There are some car-like qualities like the shifter located on a stalk off the steering column, as found in many other Mercedes-Benz models.
It’s easy to get used to this design and in many cases it makes three-point turns easier given you don't have to take your hands off the wheel to change from Reverse to Drive.
Nedahl and I tested the Carnival, Palisade and Valente under some very real-world conditions. Urban roads, highways, open country roads, and traffic. Lots of traffic.
At times, the congestion was so bad it had us sitting going almost nowhere for nearly an hour. I remember looking in the rear-view mirror of my Palisade, at Nedahl in her Valente shaking her head at me for taking us straight into a peak hour disaster.
We measured 12.7L/100km at the fuel pump for the Palisade.
But, it’s all in the name of science. Real-world driving of the type you’ll no doubt cop, too. So, if the fuel consumption figures look high, think of us in that traffic jam.
The Carnival scored the maximum five-star ANCAP rating in 2021. The Valente also scored the maximum result but it was tested in 2014 and safety technology has come a long way since then. The Palisade is yet to be assessed by ANCAP and at the time of publishing didn't have a rating, but this SUV is structurally similar to the Hyundai Santa Fe which scored five stars in 2018.
The Palisade and Carnival come with an impressive array of advanced safety technology. Being cousins from the same parent company much of the safety equipment is identical.
The Palisade and Carnival are fitted with AEB which can detect cars, cyclists and pedestrians at city, urban and interurban speeds.
To be clear, the Carnival's AEB uses full braking to avoid a collision with other cars at speeds of up to 85km/h, while for cyclists and pedestrians it will apply full brakes at up to 65km/h and can do so also at junctions at up to 30km/h.
The Palisade's AEB capabilities are close to the Carnival's with full braking applied to avoid a collision with a car at up to 80km/h and 70km/h for cyclists or pedestrians. The Palisade, however, doesn't have a junction AEB system.
Both also have lane keeping assistance, blind spot warning with collision avoidance, rear cross traffic alert with collision avoidance, and lane following assistance.
Especially family-friendly features include systems which remind the driver to check the rear seats for occupants when leaving the car, and a warning which chimes if another vehicle is approaching while passengers are exiting.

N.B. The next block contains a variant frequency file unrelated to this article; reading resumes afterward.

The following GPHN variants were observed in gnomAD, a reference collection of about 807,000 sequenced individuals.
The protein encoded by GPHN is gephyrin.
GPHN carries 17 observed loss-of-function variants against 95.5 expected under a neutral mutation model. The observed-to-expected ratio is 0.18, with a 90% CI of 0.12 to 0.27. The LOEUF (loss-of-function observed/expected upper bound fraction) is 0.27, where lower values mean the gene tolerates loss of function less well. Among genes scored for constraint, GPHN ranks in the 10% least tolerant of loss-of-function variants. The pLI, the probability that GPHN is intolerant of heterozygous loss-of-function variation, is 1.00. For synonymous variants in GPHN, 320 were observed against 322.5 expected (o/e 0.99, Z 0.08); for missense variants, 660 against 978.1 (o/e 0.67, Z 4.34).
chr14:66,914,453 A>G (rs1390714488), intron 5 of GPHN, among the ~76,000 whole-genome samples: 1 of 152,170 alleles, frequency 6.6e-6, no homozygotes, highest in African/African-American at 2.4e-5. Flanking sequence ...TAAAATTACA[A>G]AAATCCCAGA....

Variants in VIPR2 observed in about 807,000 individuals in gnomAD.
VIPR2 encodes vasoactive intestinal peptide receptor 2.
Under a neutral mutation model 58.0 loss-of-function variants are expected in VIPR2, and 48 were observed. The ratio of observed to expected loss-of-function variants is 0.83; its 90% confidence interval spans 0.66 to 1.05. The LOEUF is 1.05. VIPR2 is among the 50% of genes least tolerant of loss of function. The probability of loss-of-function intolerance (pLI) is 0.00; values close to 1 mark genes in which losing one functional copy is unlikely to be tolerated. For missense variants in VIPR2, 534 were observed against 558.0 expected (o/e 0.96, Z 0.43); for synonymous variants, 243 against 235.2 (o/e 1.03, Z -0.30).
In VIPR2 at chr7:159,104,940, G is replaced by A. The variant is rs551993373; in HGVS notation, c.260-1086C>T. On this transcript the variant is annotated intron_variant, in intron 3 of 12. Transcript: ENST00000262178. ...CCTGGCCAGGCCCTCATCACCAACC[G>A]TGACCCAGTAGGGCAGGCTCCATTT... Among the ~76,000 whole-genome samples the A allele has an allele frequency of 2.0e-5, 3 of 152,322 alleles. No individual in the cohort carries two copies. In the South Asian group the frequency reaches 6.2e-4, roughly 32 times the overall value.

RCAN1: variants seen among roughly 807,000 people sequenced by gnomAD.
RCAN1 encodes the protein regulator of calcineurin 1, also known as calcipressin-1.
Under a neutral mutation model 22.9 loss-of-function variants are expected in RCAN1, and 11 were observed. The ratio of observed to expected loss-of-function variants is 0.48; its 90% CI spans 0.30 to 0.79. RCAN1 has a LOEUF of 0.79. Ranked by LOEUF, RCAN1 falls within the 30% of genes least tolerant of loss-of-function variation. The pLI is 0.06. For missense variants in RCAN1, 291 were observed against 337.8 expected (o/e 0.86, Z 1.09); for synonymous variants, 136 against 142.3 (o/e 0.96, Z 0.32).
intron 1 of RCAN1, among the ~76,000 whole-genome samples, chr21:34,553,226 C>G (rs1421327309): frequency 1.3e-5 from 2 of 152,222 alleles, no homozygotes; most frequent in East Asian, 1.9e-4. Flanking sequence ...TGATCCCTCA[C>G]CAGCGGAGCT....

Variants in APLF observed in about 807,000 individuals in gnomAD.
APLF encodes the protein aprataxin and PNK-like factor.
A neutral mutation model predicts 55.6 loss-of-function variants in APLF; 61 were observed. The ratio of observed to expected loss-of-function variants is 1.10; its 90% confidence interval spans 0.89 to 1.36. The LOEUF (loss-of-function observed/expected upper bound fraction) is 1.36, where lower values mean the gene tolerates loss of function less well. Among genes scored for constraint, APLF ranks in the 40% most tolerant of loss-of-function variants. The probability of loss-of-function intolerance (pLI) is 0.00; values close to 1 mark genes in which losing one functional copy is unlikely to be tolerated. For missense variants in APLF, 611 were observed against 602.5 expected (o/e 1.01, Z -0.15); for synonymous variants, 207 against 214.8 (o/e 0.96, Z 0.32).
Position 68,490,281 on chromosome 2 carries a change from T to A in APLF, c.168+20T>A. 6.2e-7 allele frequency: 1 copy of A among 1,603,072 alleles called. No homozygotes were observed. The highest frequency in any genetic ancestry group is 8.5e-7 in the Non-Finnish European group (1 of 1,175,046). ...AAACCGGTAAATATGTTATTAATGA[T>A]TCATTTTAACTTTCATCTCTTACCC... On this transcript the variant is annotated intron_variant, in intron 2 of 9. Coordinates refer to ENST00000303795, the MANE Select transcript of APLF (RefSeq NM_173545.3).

The Valente has almost none of the safety tech above, because this Mercedes-Benz van has been around for more than five years, and it's based on a commercial vehicle with less emphasis on family safety features.
The Valente does have AEB, blind spot assistance and lane keeping assistance.
As a good example of the importance of not taking ANCAP scores at face value, the Valente has the maximum five stars, but it was tested in 2014 and would never achieve that rating against tougher 2021 criteria.
Importantly, the Valente, Palisade and Carnival all have curtain airbags which extend to cover all three rows. I should point out there are some SUVs such as the Kia Sorento with third rows that aren't covered by airbags.
When it comes to child seats the Carnival has the most ISOFIX points with five on board, while the Valente has the most top tether anchor mounts with six, which in turn makes it the only one capable of carrying six child seats.
Hyundai Palisade Highlander
Kia Carnival Platinum
Auto emergency braking
Yes, freeway-speed with pedestrian and cyclist detection
Yes, freeway-speed with pedestrian and cyclist detection
The Carnival is covered by Kia’s seven-year/unlimited kilometre warranty, while the Palisade can’t quite match that duration with its five-year/unlimited km coverage. But it does better than the Valente’s which is also five years, but just 250,000km.
As for servicing the Palisade’s yearly average of $469 works out to be slightly more affordable than the $492 of the Carnival with servicing for both recommended at 12 month/15,000km intervals.
The Valente has 12 month/25,000km service intervals but the annual average service cost is almost double the Kia and Hyundai’s at $849.
Nedahl was a fan of the Palisade, finding it smooth to drive and liking the fact it doesn't feel enormous as some seven- and eight-seaters can. She liked the light steering, as well, which makes it easy to park.
It’s comfortable, too. We both loved the Palisade’s seats which make this SUV feel like a big loungeroom on wheels.
I find the suspension overly soft, however, and while this means on motorways the Palisade feels like it's floating 50cm off the ground, on our urban test route the ride was bouncy over speed bumps, with more than a little roll in the body through roundabouts.